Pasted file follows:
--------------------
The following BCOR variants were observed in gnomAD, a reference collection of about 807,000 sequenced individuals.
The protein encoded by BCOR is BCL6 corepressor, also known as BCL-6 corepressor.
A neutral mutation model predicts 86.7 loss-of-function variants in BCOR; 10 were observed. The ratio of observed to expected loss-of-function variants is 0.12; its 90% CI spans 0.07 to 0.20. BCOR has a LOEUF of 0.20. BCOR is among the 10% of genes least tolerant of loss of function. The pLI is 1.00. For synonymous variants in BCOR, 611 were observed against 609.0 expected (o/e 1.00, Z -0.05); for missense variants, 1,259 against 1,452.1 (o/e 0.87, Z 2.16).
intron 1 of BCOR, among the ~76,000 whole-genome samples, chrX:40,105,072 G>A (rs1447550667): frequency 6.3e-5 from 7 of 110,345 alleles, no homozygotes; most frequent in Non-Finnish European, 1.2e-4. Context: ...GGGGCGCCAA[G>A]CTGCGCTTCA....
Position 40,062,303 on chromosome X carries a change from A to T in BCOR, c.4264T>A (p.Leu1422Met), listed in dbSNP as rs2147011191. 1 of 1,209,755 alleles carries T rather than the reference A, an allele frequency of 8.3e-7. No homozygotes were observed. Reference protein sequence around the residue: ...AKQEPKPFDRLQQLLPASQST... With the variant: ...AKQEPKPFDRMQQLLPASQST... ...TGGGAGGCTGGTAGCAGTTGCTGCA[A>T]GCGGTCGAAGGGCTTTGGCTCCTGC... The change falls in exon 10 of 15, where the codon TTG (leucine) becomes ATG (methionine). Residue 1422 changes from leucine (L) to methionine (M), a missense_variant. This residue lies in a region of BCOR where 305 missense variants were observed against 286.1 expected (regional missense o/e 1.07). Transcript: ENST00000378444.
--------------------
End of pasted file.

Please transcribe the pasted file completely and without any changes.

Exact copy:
The following BCOR variants were observed in gnomAD, a reference collection of about 807,000 sequenced individuals.
The protein encoded by BCOR is BCL6 corepressor, also known as BCL-6 corepressor.
A neutral mutation model predicts 86.7 loss-of-function variants in BCOR; 10 were observed. The ratio of observed to expected loss-of-function variants is 0.12; its 90% CI spans 0.07 to 0.20. BCOR has a LOEUF of 0.20. BCOR is among the 10% of genes least tolerant of loss of function. The pLI is 1.00. For synonymous variants in BCOR, 611 were observed against 609.0 expected (o/e 1.00, Z -0.05); for missense variants, 1,259 against 1,452.1 (o/e 0.87, Z 2.16).
intron 1 of BCOR, among the ~76,000 whole-genome samples, chrX:40,105,072 G>A (rs1447550667): frequency 6.3e-5 from 7 of 110,345 alleles, no homozygotes; most frequent in Non-Finnish European, 1.2e-4. Context: ...GGGGCGCCAA[G>A]CTGCGCTTCA....
Position 40,062,303 on chromosome X carries a change from A to T in BCOR, c.4264T>A (p.Leu1422Met), listed in dbSNP as rs2147011191. 1 of 1,209,755 alleles carries T rather than the reference A, an allele frequency of 8.3e-7. No homozygotes were observed. Reference protein sequence around the residue: ...AKQEPKPFDRLQQLLPASQST... With the variant: ...AKQEPKPFDRMQQLLPASQST... ...TGGGAGGCTGGTAGCAGTTGCTGCA[A>T]GCGGTCGAAGGGCTTTGGCTCCTGC... The change falls in exon 10 of 15, where the codon TTG (leucine) becomes ATG (methionine). Residue 1422 changes from leucine (L) to methionine (M), a missense_variant. This residue lies in a region of BCOR where 305 missense variants were observed against 286.1 expected (regional missense o/e 1.07). Transcript: ENST00000378444.